Failing to Prepare this holiday season leads to £125m in ATM fees abroad

25 Apr 2018 Findings across a sample of 2004 holidaymakers commissioned by peer-to-peer travel money provider WeSwap found that a whopping 2.5billion in holiday cash is withdrawn once Brits land – one of the most expensive spots to do so – meaning £125 million is charged at the convenient yet costly hole in the wall abroad.

With UK debit cards deducting up to around 3% in non-sterling transaction fees, in Aadittion to 2% overseas ATM fee based on the amount you take out, once totalled up, we’re charged at a conservative estimate a colossal £125,000,000 in ATM fees abroad.

This doesn’t include any charges by the overseas ATM itself or any fees lost by a common practice called DCC – dynamic currency conversion – where the ATM marks up the rate again at a cost to the consumer, so WeSwap estimates that the true cost could be much higher.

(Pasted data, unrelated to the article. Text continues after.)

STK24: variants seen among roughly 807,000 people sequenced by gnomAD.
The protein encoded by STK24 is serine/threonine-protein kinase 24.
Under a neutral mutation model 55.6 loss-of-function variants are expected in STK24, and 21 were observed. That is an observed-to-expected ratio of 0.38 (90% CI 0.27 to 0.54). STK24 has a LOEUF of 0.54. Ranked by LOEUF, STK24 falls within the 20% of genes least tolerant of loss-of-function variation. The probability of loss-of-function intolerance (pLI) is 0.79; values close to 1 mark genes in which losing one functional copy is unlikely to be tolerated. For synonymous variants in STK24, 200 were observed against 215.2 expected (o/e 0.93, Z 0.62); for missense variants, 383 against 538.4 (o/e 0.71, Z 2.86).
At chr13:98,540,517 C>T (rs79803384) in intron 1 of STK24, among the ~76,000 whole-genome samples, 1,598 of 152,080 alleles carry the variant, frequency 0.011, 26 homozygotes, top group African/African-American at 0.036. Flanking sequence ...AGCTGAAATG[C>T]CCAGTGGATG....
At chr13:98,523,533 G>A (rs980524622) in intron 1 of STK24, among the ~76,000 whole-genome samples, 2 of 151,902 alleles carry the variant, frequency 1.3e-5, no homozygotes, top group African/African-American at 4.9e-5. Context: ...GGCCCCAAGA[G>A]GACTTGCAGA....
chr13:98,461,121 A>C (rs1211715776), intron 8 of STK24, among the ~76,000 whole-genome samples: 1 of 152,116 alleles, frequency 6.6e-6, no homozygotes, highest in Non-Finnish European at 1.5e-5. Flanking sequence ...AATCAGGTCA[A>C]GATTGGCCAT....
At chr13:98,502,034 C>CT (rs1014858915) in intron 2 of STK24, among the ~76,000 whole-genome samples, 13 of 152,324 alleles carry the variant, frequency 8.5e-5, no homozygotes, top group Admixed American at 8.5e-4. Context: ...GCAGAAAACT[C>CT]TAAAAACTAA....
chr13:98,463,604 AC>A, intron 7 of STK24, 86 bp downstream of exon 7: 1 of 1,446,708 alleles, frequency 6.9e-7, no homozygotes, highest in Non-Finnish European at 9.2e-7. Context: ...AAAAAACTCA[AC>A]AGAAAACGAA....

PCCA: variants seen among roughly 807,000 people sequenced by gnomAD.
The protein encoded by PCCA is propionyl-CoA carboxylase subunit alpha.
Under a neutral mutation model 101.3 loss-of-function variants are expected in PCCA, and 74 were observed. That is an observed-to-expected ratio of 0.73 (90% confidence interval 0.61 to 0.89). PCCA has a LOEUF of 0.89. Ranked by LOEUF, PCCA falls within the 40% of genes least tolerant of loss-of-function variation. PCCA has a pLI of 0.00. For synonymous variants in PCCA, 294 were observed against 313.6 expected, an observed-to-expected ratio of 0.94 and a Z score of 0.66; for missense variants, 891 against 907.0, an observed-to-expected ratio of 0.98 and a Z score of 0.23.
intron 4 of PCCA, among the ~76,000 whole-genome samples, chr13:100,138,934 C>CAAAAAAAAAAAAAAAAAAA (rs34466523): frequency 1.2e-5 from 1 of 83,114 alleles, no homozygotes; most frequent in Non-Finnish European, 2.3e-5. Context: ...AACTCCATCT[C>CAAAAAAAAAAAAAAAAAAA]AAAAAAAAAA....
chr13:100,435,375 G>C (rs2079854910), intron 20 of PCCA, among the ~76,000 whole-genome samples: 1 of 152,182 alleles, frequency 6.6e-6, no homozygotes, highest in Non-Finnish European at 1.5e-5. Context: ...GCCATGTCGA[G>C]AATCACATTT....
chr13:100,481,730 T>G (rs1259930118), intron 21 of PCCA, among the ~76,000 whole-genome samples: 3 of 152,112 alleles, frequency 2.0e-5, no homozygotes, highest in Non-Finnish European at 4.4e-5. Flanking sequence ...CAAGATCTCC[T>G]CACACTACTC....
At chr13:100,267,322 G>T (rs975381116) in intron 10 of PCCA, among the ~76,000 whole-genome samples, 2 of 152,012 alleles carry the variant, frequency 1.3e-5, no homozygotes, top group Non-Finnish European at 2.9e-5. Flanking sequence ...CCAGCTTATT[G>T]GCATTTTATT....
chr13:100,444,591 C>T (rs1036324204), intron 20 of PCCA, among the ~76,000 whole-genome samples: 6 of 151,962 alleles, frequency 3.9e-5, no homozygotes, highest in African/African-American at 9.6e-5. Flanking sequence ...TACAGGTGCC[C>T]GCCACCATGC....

The nationally representative data finds 31% of UK holidaymakers – just over 14 million Brits – withdraw cash for their holidays upon arrival at their destination, roughly taking out £169.78. Across the nation, this tots up to a staggering 2.4bn in holiday spend withdrawn once we land.

The 5% ATM top-up cranks the average withdrawal up to £178 pounds. With a minimum of £9 in fees lost per take-out, WeSwap have done the maths on a few alternatives of what you could have bagged with the excess currency collected over ten transactions:

– A day trip to France
–  Once there you could buy 188 croissants
– A high-end six course wild-boar dinner in Krakow
– Hop over to Spain and purchase yourself ten litres of Sangria
– Ten pizzas in Rome perhaps
– Over to Berlin for 20 portions of Currywurst
– Or back to France where you could bag yourself 30 crepes

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